BALTIMORE (WJZ) -- Police have yet to make any arrests after a mass shooting rattled East Baltimore Sunday afternoon.
Four men in their 20s and a 16-year-old boy were among the victims. WJZ Investigator Mike Hellgren spoke briefly to the man's father Monday afternoon. He said his son was "doing good" and would survive the shooting but declined to comment on the recent violence and what lead up to the shooting.
That shooting happened at Preston and Montford, where WJZ saw increased patrols Monday. One man who has lived in East Baltimore his entire life told Hellgren he was too frightened to show his face on camera while commenting on the violence.
"Everybody's scared because if you tell, you may be the next one to die," he told Hellgren. "I do what I've got to do, go right back in. Once it gets dark, I'm in the house. All the time. That's the way it is. Seven years of 300 murders. We'll be lucky to stop at 325 at the end of this year."
Mayor Brandon Scott told WJZ increased police presence is not the answer to stopping the bloodshed.
"Police were two blocks away. We've had incidents where shootings happened right in front of the police, so for folks who think that it's simply about the police, they're just mistaken," Scott said. "This is about making sure we hold people accountable, which we are going to continue to do, taking guns off the streets, gun traffickers—people who are committing these murders and robberies. But we also have to build better people. That means all of us have to invest more one in these young folks—create jobs and opportunities."
He will meet with the governor next week to discuss crime. "We have to build better people so they don't feel so weak or so threatened over some small petty thing that they feel they should go out and shoot at someone or kill someone. That happens in Baltimore all too often," Mayor Scott said.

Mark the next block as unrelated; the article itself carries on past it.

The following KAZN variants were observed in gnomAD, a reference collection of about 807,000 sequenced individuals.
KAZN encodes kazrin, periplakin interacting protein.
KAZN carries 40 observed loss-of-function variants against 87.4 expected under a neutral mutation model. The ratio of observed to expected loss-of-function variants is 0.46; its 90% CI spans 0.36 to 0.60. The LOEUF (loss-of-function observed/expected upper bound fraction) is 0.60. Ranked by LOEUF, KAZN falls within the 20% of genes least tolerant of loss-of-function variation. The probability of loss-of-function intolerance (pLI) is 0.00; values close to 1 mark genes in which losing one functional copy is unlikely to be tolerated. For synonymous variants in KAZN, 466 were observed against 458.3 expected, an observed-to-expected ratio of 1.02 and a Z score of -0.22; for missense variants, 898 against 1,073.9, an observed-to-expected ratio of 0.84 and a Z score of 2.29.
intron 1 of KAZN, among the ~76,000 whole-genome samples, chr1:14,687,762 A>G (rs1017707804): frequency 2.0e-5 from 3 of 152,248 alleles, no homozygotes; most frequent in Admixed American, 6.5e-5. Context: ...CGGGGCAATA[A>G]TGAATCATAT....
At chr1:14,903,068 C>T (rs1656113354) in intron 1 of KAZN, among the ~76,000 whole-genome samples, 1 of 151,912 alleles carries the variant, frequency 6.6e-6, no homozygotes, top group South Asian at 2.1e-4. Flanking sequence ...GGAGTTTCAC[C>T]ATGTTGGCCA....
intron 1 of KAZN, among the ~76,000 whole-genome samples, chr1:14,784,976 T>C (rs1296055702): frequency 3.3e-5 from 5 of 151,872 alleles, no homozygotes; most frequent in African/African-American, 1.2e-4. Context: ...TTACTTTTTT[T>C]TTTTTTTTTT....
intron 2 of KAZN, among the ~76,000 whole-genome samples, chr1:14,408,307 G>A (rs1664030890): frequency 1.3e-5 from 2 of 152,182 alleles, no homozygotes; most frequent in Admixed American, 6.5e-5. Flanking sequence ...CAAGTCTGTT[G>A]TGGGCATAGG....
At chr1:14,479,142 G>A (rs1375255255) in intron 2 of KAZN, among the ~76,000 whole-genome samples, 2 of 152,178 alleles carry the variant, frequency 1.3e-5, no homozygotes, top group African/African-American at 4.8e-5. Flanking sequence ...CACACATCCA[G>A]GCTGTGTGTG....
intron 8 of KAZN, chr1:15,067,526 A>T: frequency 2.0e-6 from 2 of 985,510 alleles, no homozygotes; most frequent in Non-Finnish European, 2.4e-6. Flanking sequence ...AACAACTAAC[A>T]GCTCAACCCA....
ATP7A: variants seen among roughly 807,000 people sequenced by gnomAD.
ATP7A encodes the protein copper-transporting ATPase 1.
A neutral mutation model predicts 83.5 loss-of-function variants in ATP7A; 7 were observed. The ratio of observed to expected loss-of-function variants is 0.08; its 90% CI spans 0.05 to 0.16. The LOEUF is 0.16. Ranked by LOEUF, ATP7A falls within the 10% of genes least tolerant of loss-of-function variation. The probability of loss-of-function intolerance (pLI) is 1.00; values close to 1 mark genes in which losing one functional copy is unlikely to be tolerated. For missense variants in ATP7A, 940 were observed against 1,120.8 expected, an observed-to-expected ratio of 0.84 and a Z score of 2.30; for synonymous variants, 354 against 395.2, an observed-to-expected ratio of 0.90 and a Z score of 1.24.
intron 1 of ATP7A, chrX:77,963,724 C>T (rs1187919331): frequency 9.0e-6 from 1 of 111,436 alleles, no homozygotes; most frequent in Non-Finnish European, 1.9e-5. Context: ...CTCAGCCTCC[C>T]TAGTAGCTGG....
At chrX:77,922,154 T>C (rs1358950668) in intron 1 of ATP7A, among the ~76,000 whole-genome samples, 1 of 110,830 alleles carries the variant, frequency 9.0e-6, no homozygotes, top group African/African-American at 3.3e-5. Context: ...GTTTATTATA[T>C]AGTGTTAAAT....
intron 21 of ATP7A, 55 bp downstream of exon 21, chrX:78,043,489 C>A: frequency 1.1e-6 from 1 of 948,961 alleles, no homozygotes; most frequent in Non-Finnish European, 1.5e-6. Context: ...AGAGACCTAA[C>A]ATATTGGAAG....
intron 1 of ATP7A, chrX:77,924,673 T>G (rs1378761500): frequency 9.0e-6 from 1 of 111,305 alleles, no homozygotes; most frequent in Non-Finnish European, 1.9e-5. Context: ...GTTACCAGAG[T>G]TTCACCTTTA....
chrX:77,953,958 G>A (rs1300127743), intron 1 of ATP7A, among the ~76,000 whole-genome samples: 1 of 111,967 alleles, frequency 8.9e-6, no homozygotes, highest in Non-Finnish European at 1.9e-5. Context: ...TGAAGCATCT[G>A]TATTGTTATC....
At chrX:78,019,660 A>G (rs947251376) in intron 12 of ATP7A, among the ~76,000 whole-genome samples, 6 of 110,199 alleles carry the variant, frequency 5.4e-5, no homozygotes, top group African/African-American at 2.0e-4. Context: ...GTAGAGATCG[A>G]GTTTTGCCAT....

There have been three mass shootings in three months in East Baltimore.
Gov. Larry Hogan vowed to do everything in his power to help the city get a grip on its violent crime problem.
"We can't become numb to this, but it's every single week in Baltimore City, which is why we announced a major whole set of initiatives we're going to take to help the city get the job done," the governor said.
He said he was not considering drastic action like a state takeover. "I'm not sure there's a way to do that legally. The only way would be to declare a state of emergency and take over—send in the national guard. I don't anticipate that at this point. We're going to take every other action we can."
Hogan also took aim again at Baltimore City State's Attorney Marilyn Mosby. "If Marilyn Mosby doesn't prosecute the criminals, there's not a whole lot the state can do," he said.
Mosby has denied Hogan's allegation that she is too lenient. "I regret even having to respond to the likes of this governor. For the past seven years, just like Donald Trump, Larry Hogan has used Baltimore City as a punching bag," she said at a press conference last week.
As the end of the year approaches, Baltimore has seen over 300 homicides and more than 650 shootings that weren't deadly, according to figures provided by the city's police department. Even crimes not involving guns—like the stabbing of a longtime church employee—have shaken city residents.
Police have not announced any arrests or suspects in Sunday's shooting. Anyone with information about this case is asked to call police at 410-396-2433 or Metro Crime Stoppers at 1-866-7LOCKUP.
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